“Dragons make useful go-betweens,” K’van said in a droll voice. Asgenar stared at him for one second before he broke out in a peal of laughter. Even Larad, who was not quite as quick to see a pun, chuckled at last.

That is a joke I have no problem believing exists and persists on Pern, because of all the work done to set up the idea of between. it makes the earlier joke that much more frustrating to have to read.

Anyway, the fire lizards are dispatched and return with an affirmative of occupation, while Larad pulls up very detailed records and maps of that possible space to attack, so as to give Asgenar every advantage. The maps are clearly Ancient construction, because the ink didn’t fade from them and they’re permanent, unlike the paper Asgenar had been able to produce to this point. After saying that plotting needs to happen, the narrative skips to the arrival of the fighting force to catch Thella, who knock out the sentries and get inside with the troops, only to find that Thella, Dushik, and Giron have again evaded them, and worse, set off a deadfall to bury everyone inside. The dragons are making short work of the avalanche, the soldiers have captured everyone else, and we are introduced to Robinton’s inside man, Perschar. Once everyone is accounted for, Readis is also not among the captured, which disappoints Jayge. (He and Swackey were mentioned earlier as connective tissue, but otherwise not really important to the matter)

Having discovered the extent of the storage present in the Hold, the two lords, the Benden Weyrleader, and the Brown Rider Rapist agree that the best course of action is to leave the holdless bandits in this place for the winter, since they won’t be able to get out, with enough supplies to last through the snowmelt, and then return in the spring.

“I tell you what,” Asgenar went on. “Let’s leave them with enough to keep them going through the winter – what with the snowslide and all, I doubt they can get out, and I’m certainly not going to ask Benden dragons to give them the treat of their sordid lives. Let’s see who’s alive come spring.”
F’lar and F’nor found that solution amusing, as did the troopers, who tried to disguise their grins. At the last, a slight smile tugged at Larad’s mouth, and he began to regain his usual manner.

Because the thought of leaving people who might turn on each other to gain more share of the supplies left to not starve is apparently amusing. Then again, considering what all of those involved think of the holdless, we should probably be glad they’re not just hauling them out into an arena to fight each other for the chance at freedom.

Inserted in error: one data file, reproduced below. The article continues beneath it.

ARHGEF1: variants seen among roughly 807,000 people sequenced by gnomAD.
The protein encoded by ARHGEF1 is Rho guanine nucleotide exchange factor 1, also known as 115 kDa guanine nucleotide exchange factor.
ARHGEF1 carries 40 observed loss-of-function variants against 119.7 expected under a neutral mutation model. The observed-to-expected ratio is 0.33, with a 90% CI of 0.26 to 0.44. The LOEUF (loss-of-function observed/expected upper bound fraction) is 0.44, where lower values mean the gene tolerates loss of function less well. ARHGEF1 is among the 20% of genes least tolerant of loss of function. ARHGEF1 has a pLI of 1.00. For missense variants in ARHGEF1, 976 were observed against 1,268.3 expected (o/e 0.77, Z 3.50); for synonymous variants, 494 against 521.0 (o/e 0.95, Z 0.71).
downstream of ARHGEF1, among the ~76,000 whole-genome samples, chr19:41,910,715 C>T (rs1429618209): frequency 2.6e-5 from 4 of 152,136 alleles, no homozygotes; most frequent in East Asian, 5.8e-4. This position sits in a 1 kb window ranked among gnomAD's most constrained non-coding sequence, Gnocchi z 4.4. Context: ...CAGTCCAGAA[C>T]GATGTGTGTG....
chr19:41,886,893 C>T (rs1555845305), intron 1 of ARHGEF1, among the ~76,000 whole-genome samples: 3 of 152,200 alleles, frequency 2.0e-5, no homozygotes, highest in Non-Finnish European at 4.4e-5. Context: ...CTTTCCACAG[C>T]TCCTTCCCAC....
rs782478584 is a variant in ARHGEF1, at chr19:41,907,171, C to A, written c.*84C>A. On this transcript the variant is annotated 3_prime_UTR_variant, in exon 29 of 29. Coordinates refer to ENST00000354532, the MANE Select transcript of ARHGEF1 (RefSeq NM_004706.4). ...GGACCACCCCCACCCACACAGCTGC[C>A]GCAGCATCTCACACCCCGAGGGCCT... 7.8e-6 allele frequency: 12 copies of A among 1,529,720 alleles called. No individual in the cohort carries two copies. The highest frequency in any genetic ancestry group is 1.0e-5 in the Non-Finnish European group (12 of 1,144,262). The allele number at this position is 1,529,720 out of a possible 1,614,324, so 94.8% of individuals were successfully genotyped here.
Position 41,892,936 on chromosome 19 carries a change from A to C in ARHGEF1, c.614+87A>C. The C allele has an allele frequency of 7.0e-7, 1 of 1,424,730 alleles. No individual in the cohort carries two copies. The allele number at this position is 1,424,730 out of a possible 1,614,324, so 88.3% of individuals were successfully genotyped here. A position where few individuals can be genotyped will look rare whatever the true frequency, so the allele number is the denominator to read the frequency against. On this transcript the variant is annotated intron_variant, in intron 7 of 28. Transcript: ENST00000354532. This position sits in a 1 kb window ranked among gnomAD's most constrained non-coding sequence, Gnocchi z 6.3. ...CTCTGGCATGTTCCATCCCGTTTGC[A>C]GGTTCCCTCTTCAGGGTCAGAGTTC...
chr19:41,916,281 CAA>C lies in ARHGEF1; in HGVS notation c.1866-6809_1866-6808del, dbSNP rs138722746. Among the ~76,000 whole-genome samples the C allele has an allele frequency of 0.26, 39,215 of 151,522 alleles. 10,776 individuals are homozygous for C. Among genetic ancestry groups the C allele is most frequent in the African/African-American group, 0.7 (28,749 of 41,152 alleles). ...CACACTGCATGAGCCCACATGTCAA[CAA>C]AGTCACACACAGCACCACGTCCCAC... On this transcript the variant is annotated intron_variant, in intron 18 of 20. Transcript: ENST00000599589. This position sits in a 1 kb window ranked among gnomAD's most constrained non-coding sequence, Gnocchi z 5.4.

Thus ends the chapter. I’m still not entirely sure what purpose Toric has at this point, since every time we see him, he’s just complaining about this or that it expanding his Hold or otherwise marking time while the rest of the book chases Thella. I’m sure it will become important soon enough, perhaps if Thella attempts to escape to the South, but otherwise, Toric is just taking up space.

Thella, on the other hand, has all the right makings of a heist movie, including the daring raids and the outsmarting the dumb heroes. If only her character had more care taken with it…

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12 thoughts on “The Renegades of Pern: Attempting The Plot Again

  1. saidahgilbert January 12, 2017 at 8:56 am

    Thank you for explaining the joke with ass-you-me. That flew right over my head when I was reading the book.

  2. WanderingUndine January 12, 2017 at 10:01 am

    (Warning: Character reveal for a later book)

    On tor.com this week, in a blog post recommending “Five Authors with Magical Worldbuilding Skills,” David Weber* wrote:

    “I first met Anne McCaffrey in Dragonflight, which I read in serialized format while I was still in high school, and I thought “Wow!” I realize the Pern novels sort of straddle the line between fantasy and science fiction, but that’s fine. In fact, that’s a lot more than just fine. Her Pernese characters—from Lessa and F’lar through Jaxom, Robinton, Aivas, Moreta, and scores of others—are the very definition of responsible human beings (even though one of them is an AI), all with believable traits, desires, and goals that are fully realized, inhabiting a fully developed, totally internally consistent world of the imagination. I’ve liked almost everything else of hers I’ve read, as well, from Restoree to the Helga stories, and I’ve never read a weak McCaffrey story, but it wasn’t until a few years before her death that I truly realized the debt I owed her for underscoring for me so well the importance of fully building worlds from the ground up.”

    *Author of the Honor Harrington series and other novels

  3. Firedrake January 12, 2017 at 10:44 am